Psychosocial Hazards in the Workplace
Understanding and Tackling Psychosocial Hazards at Work
We are entering a new era of workplace safety. We’re not just talking about hard hats and safety boots, but also about addressing psychosocial hazards at work. But what are psychosocial hazards and why should you, as a business, care?
What are Psychosocial Hazards in the Workplace?
Psychosocial hazards are aspects of work that can lead to psychological harm (i.e. harm someone’s mental health). Think along the lines of job demands, lack of job control, poor support, and remote or isolated work. Recognise any of these from your latest engagement survey? If so, it’s time to address them head-on.
The Impact of Psychosocial Hazards at Work
The impact of psychosocial hazards in the workplace is far-reaching. They can lead to anxiety, depression, post-traumatic stress disorder or sleep disorders, as well as physical health issues like cardiovascular disease and musculoskeletal disorders.
The organisational impact? Decreased productivity, increased absenteeism, high turnover, and potential legal and compensation claims. That’s why managing these hazards is not just about meeting your commitments as an employer—it’s also key to maintaining an efficient and effective workforce.
Your Obligation to Keep Employees Safe
Federal and State Governments have recently amended, or put forth proposed amendments to, their Work Health & Safety regulations to impose a positive duty on employers to identify and manage psychological & mental health hazards to protect workers from mental health injury. You can find your relevant State regulations here.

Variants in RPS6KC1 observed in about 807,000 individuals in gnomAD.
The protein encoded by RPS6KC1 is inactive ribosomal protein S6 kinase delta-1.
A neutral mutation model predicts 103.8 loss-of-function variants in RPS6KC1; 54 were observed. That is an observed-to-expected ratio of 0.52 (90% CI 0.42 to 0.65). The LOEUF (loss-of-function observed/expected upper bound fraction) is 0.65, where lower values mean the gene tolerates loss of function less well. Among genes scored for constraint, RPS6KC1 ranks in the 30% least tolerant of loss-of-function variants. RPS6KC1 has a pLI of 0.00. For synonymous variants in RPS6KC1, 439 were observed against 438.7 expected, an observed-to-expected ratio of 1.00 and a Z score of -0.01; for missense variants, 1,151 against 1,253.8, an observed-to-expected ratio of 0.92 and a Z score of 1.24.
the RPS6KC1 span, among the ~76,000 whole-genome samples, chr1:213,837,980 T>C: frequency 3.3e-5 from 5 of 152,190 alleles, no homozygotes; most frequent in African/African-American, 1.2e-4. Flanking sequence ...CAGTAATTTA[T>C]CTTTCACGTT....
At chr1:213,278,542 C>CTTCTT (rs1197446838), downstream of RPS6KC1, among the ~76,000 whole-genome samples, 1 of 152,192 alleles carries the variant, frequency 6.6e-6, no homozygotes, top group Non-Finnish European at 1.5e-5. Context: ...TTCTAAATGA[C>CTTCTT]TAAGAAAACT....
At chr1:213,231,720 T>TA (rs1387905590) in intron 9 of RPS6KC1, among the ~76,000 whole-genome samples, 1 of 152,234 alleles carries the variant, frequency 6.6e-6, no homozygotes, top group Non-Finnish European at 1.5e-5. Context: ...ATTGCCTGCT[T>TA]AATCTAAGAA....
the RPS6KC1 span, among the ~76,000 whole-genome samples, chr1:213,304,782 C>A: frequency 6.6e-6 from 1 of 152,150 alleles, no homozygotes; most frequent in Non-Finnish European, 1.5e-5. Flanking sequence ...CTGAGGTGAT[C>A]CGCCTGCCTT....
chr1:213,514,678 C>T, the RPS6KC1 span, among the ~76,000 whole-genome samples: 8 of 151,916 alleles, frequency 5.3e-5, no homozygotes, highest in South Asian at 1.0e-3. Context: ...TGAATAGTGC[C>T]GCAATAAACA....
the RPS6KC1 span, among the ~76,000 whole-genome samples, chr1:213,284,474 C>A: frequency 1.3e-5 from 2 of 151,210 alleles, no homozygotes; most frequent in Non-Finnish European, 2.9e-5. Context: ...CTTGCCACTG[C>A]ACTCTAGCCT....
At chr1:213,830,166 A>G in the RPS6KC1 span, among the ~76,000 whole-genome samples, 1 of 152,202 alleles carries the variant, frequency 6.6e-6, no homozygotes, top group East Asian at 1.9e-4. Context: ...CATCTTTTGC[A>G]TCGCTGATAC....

This is a big step in the right direction. The regulations specifically refer to these hazards and put the onus on employers to identify, eliminate (where possible) or minimise, so far as is reasonably practicable, risks that arise from psychosocial hazards in the workplace.
So what do you need to do as an employer to manage psychosocial hazards at work? You might already be doing some, or all, of these but it’s time to formalise it and proactively address potential risks (e.g. your engagement survey is telling you that your people are feeling like they have less control over their job).
- Identify reasonably foreseeable hazards
- Eliminate psychosocial risks if it is reasonably practicable to do so, or if it isn’t reasonably practicable to eliminate these risks, minimise them so far as is reasonably practicable
- Maintain control measures to ensure they remain effective
- Review control measures when required.
Managing psychosocial hazards at work is a journey. The regulations require employers to constantly review their hazards, not in isolation but as a whole.
If your latest engagement survey has identified potential psychosocial hazards and you are looking at changing your systems of work, work design or just some training to shore up that last line of defence – reach out to Inventium today for a chat.